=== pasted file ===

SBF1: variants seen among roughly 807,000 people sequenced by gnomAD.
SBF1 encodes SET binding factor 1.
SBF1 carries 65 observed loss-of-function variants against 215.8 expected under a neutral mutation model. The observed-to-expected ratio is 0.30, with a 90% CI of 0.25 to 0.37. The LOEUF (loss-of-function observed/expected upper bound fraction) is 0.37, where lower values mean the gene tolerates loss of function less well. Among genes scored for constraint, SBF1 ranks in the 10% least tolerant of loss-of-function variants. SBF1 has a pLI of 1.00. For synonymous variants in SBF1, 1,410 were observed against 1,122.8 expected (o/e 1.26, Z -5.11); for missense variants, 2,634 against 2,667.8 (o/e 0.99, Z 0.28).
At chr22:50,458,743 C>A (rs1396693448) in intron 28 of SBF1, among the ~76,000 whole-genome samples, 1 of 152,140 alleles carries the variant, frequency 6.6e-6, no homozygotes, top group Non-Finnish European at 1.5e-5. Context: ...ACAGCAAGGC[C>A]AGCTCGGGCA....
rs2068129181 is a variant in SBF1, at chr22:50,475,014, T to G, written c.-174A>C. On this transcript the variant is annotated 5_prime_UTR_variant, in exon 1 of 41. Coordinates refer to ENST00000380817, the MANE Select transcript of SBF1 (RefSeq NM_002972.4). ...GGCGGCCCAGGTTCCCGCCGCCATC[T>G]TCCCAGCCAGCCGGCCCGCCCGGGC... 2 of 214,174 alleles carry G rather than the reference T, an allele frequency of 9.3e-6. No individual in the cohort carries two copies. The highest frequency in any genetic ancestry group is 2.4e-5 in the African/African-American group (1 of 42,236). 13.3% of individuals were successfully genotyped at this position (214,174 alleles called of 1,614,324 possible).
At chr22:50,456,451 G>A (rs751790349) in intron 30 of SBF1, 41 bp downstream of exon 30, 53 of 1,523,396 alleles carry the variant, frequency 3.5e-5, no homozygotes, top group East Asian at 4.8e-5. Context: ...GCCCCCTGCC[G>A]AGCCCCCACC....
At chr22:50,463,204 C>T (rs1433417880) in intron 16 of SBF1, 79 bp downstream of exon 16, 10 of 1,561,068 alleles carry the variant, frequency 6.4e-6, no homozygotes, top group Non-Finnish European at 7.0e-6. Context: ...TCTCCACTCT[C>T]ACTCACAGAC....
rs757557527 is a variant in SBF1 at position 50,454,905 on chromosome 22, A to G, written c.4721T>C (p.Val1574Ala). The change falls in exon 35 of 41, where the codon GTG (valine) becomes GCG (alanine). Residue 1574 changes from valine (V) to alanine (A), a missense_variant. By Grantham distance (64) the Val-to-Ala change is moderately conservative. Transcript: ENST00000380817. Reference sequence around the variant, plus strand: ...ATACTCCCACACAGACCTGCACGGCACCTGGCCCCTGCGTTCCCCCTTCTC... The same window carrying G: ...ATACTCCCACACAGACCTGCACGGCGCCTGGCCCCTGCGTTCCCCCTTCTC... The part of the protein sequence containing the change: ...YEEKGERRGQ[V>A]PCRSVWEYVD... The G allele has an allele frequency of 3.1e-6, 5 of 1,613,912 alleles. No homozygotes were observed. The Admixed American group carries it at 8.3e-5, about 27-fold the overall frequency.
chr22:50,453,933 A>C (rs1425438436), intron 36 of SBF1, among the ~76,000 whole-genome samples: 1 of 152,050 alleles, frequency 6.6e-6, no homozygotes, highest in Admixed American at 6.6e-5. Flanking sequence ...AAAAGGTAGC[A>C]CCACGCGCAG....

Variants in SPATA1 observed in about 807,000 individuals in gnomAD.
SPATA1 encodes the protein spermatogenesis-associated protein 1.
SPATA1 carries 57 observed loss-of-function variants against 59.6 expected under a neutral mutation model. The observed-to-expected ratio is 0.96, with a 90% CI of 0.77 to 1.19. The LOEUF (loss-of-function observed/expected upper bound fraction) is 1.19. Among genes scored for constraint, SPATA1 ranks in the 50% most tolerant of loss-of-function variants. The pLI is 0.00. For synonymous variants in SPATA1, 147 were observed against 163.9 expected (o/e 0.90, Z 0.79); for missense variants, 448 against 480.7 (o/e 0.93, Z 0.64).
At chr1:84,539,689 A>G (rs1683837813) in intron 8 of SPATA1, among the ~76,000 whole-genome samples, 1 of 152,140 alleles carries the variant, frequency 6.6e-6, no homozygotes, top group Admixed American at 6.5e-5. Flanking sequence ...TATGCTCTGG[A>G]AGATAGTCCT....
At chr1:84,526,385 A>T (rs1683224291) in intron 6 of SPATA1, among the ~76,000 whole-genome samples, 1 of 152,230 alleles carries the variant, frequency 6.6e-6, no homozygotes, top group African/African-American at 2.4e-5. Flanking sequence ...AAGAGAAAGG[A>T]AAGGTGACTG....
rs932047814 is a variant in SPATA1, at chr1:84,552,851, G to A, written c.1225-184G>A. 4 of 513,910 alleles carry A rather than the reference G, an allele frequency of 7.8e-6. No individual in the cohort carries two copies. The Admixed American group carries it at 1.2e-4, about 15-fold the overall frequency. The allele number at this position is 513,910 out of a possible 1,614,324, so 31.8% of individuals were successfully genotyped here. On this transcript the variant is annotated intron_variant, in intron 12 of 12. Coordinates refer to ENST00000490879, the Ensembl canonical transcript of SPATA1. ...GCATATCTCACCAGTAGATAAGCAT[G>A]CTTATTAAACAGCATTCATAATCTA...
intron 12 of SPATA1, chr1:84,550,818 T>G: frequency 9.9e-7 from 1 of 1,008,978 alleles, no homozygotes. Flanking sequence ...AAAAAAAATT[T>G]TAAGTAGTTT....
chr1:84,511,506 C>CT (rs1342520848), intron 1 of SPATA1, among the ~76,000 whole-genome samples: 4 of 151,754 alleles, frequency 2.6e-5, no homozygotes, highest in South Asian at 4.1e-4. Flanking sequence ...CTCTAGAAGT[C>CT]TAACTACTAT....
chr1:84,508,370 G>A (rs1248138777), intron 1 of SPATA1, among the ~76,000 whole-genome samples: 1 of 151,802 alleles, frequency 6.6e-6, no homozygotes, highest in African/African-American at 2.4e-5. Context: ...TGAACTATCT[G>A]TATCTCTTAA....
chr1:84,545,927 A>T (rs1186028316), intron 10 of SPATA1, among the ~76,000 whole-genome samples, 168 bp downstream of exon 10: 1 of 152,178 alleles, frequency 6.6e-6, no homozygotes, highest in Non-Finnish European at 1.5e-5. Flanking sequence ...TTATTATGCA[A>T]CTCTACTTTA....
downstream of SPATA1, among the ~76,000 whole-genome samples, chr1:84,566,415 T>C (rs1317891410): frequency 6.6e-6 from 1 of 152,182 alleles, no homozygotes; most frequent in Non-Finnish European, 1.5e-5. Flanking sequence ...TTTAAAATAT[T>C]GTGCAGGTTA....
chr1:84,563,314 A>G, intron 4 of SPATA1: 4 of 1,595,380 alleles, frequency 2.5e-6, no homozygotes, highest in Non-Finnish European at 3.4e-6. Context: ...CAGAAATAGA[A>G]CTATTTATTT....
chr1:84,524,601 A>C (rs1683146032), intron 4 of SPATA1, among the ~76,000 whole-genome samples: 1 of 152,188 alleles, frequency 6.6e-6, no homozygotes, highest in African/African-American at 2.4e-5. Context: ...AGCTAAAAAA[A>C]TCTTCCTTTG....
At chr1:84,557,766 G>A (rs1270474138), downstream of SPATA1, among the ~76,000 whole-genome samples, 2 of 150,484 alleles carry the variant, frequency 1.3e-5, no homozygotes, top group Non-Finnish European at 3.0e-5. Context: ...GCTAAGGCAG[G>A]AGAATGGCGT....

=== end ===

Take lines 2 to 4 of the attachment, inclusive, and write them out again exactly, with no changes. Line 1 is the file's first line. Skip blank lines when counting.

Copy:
SBF1 encodes SET binding factor 1.
SBF1 carries 65 observed loss-of-function variants against 215.8 expected under a neutral mutation model. The observed-to-expected ratio is 0.30, with a 90% CI of 0.25 to 0.37. The LOEUF (loss-of-function observed/expected upper bound fraction) is 0.37, where lower values mean the gene tolerates loss of function less well. Among genes scored for constraint, SBF1 ranks in the 10% least tolerant of loss-of-function variants. SBF1 has a pLI of 1.00. For synonymous variants in SBF1, 1,410 were observed against 1,122.8 expected (o/e 1.26, Z -5.11); for missense variants, 2,634 against 2,667.8 (o/e 0.99, Z 0.28).
At chr22:50,458,743 C>A (rs1396693448) in intron 28 of SBF1, among the ~76,000 whole-genome samples, 1 of 152,140 alleles carries the variant, frequency 6.6e-6, no homozygotes, top group Non-Finnish European at 1.5e-5. Context: ...ACAGCAAGGC[C>A]AGCTCGGGCA....